November 29, 2007

West Ham United FC.

Filed under: English Football Clubs — admin @ 12:53 pm


The football club of the Thames Ironworks was formed in 1895.  The club joined the Southern league in 1898.  They re-formed, as a professional club, in 1900, changing their name to West Ham United FC.  (The club gets it’s nickname, The Hammers, from it’s origins as a metal-works team, not as a derivation of “Ham;” their crest features a pair of rivet hammers)  In 1919, West Ham were elected to Division 2 of the Football League.  1923 was a watershed year for the club.  They participated in one of the most famous FA Cup Finals, losing 2-0 to Bolton Wanderers, in the first cup final played at Wembley Stadium.  Known as “The White Horse Final,” (see this article) it was attended by over 125,000 spectators.  That defeat was tempered by their promotion to the First Division the same spring.  Their first stay in the top flight only lasted 9 years, though, as they were relegated in 1932.  They languished in the second division for 19 seasons, finally winning promotion in 1958, the year Bobby Moore debuted.

In 1961, Ron Greenwood became manager, and West Ham’s golden age began.  They won the 1964 FA Cup, defeating Preston North End 3-2.  One year later, they beat Munich 1860 to win the (now defunct) European Cup Winners’ Cup.  Three West Ham players had crucial roles in England’s 1966 World Cup victory: Captain Bobby Moore, Geoff Hurst (who scored a hat trick in the final, over Germany 4-2), and Martin Peters (who also scored in the final).  West Ham won the FA Cup again, in 1975, this time over Fulham, 2-0.  West Ham’s great run ended when they were relegated, in 1978.  But while in the 2nd Division, they then won their third FA Cup, defeating Arsenal 1-0, in 1980.  The Hammers were promoted the following year (1981).  Since then, they have spent 22 seasons in the top flight, and 5 in the 2nd level; with 3 separate relegations and subsequent promotions.  Their last promotion was in 2005, under manager Alan Pardew.  They did well in the 2005-06 Premier League season, finishing 9th.  But a poor start, and injuries, put the Hammers in a relegation battle the next season.  Pardew was sacked in December 2006, replaced by ex-Charlton manager Alan Curbishley.  They survived relegation by winning 7 of their last 9 games, the greatest escape from relegation the Premier League has ever seen.  The controversial acquistion (illegal, actually) of Argentine phenom Carlos Tevez proved crucial to the club’s survival, as he scored 7 goals in their last 10 games.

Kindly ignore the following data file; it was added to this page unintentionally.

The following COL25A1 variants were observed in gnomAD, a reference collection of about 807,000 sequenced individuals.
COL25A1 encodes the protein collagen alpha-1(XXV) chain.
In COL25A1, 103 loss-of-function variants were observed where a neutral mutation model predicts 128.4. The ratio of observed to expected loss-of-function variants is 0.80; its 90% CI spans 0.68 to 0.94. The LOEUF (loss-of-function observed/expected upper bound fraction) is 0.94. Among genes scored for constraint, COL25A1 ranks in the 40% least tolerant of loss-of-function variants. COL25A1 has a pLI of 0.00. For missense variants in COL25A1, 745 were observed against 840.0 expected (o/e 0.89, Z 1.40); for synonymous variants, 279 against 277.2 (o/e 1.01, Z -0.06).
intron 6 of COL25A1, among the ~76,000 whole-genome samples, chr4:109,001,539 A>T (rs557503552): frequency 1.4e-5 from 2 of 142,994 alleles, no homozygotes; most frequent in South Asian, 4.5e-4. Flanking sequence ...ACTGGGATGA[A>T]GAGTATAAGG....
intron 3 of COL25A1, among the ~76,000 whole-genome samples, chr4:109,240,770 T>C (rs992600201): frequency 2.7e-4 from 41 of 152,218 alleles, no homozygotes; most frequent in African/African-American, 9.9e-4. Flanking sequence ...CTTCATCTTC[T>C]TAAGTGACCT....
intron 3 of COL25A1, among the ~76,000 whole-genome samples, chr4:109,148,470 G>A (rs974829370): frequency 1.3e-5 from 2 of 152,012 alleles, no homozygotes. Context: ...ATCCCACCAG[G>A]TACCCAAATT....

West Ham United is famous for the quality of it’s developmental system.  They have consistently produced fine talent, many from near their hardscrabble East London base.  The club bills themselves as “The Academy of Football.”  Their supporters have sometimes been maligned as full of a hooligan element, but those days (the 1970′s and 80′s) are thankfully in the past.  Their true rival is Millwall, who play just across the Thames River from West Ham.  But Millwall’s recent downturn in form (they’re stuck in the 3rd Division) has chilled the rivalry.  They have no love for the more posh North and West London clubs of Arsenal, Tottenham, and Chelsea.

Thanks to these sites.  Photos: stadiumguide[dot]com; footballgroundguide[dot]co[dot]uk and en[dot]wikipedia[dot]org.  Newer kits: colours-of-football[dot]com; old kits: historicalkits[dot]co[dot]uk.  Statistics: westhamutd-mad[dot]co[dot]uk.  Attendance figures: european-football-statistics[dot]co[dot]uk.

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